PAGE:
James Edward Grant occupied an all but unique niche in Hollywood for just over 20 years, as a writer who was part of John Wayne's closest circle of friends and business associates. It was in that position that he exerted a unique degree of influence on the onscreen persona that Wayne presented, and on the content of a dozen of the actor's movies. Some actors had producers or directors that they preferred to work with, but Grant was unusual in his relationship to Wayne as a writer; the actor also trusted him sufficiently to let Grant direct one key film in the actor's output.
Grant was also an unlikely denizen of Hollywood, and seems only to have moved to the film mecca as a result of some unfortunate events in his hometown of Chicago. He was born in the Windy City in 1905, and by the end of the 1920s was an up-and-coming journalist, in addition to writing fiction for magazines such as Liberty and Argosy. He was known best in Chicago as a newspaper reporter, but beginning in 1931 his major source of income was not obvious to the public -- Grant continued working as a reporter, but he was also secretly the speechwriter for Anton J. Cermak, who was elected mayor that year. For the next year or so, Grant led a double life, with most of his income derived from his relationship with Cermak -- and when the mayor was killed in an assassination attempt against President-elect Franklin D. Roosevelt in 1933, there went a big chunk of Grant's income. He turned to writing fiction in earnest, and his first book, The Green Shadow, was published in 1935. He later went out to Hollywood when the film rights were sold to RKO, for a movie version directed by Charles Vidor and starring Preston Foster (under the title Muss 'Em Up). Grant provided the stories to several films over the next year or two, and also turned to screenwriting with an early Otto Preminger-directed effort at 20th Century Fox starring Ann Sothern and Jack Haley, entitled Danger: Love at Work (1937).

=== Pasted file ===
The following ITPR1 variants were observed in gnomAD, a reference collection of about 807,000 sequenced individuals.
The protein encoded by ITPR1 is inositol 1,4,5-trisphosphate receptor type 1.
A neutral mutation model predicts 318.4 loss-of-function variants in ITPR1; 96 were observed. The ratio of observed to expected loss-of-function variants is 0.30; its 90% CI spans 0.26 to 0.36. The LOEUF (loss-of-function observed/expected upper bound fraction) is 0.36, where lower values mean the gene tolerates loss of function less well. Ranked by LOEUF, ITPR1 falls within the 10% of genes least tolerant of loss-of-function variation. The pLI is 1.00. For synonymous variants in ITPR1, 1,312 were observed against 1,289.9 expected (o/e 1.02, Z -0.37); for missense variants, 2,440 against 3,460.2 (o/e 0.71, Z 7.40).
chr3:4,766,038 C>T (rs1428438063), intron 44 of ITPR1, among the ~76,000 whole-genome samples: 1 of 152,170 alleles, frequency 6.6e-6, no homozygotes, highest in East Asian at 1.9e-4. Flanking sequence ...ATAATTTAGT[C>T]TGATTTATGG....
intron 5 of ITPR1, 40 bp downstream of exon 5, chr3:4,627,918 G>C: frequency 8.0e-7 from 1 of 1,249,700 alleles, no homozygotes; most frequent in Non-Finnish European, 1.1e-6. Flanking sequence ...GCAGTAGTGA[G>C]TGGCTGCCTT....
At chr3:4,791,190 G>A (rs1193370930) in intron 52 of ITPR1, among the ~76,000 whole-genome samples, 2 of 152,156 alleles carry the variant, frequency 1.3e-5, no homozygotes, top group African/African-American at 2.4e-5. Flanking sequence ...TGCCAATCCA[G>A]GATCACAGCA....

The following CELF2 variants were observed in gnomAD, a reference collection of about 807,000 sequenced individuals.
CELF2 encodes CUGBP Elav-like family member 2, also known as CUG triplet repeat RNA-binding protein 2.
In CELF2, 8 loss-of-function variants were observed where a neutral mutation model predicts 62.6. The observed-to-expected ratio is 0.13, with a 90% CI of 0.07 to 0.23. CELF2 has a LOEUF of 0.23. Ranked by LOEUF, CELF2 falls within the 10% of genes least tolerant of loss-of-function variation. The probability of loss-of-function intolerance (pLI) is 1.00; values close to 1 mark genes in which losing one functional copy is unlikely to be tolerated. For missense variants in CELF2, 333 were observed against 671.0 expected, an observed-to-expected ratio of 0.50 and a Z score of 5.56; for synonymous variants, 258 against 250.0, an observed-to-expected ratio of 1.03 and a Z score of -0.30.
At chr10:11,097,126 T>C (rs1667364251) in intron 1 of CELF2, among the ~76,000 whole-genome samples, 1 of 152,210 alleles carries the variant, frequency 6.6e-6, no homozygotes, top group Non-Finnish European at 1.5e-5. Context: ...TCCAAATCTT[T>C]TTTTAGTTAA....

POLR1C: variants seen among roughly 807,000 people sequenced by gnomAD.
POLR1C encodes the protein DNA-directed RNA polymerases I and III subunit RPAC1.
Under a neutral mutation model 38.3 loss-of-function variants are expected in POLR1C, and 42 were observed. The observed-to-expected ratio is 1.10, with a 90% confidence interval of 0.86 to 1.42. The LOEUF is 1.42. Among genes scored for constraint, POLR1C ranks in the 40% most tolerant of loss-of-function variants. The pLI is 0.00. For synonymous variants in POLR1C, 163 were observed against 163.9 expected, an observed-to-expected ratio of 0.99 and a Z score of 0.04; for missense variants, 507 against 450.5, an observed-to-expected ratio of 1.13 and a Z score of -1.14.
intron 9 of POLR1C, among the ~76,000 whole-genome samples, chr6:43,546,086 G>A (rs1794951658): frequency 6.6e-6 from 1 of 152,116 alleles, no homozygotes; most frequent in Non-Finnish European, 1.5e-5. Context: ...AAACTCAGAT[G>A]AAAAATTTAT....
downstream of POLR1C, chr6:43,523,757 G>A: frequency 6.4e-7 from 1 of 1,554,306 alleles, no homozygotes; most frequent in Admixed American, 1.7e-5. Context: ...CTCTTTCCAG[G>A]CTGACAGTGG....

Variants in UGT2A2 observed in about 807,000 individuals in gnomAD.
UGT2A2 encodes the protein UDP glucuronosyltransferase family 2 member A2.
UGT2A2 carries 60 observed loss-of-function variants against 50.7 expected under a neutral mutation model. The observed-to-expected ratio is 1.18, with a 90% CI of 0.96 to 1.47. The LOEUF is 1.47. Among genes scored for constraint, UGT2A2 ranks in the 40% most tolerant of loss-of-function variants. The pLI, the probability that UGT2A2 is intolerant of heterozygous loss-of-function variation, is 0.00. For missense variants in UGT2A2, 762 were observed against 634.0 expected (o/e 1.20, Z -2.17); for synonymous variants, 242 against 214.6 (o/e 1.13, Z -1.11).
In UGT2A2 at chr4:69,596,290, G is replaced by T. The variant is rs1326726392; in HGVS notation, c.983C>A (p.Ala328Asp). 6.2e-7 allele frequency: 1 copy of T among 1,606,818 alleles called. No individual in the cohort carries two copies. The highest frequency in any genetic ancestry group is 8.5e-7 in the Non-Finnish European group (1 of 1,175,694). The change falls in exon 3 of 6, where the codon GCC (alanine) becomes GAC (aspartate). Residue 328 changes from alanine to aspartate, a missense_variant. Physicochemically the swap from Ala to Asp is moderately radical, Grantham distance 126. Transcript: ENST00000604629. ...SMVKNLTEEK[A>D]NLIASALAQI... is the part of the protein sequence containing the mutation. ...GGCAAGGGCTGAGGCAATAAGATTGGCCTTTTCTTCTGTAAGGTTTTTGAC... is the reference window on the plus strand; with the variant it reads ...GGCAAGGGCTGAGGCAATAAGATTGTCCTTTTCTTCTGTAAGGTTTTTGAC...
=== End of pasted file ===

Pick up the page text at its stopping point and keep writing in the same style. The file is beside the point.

Grant kept selling stories and finally moved permanently to Hollywood, where he authored screenplays over the next few years, building up his reputation as a reliable and occasionally inspired writer with a gift for good dialogue. His big success came at MGM with Boom Town (1940), a Clark Gable/Spencer Tracy vehicle that showed both actors at (or near) their toughest and most virile. Grant scored a similar triumph with Mervyn LeRoy's Johnny Eager, which was a change-of-pace tough-guy vehicle for Robert Taylor. If not one of best writing talents available, Grant did deliver solid, reliable work, and most of the pictures that he wrote were successful, a few even getting good notices in the writing department. By the first half of the 1940s, he was successful enough to own a cattle ranch in the Central Valley.
By 1945, Grant had moved over to Warner Bros., where he produced as well as wrote The Great John L., about the renowned prizefighter John L. Sullivan, portrayed by Errol Flynn, then the studio's top action star. It was around this time that Grant became close friends with John Wayne, who, over the previous five years, had ascended to his own unique brand of action stardom, mostly at Republic Pictures. Wayne was taking a closer interest than was typical among actors in the quality of the movie scripts he was offered -- he'd endured a decade of very lean times, of leading roles in B-Westerns and lesser parts in small major studio productions, and wanted to safeguard the stardom that had finally become his with John Ford's Stagecoach (1939). Wayne also needed to shelter some of his rapidly growing income by shifting it from salaried studio work as an actor to capital gains as a producer, and it was because of that -- and his desire to get his feet wet in the field of film production -- that he decided to take advantage of a clause in his contract that allowed him to produce movies.
The result was Angel and the Badman (1947), in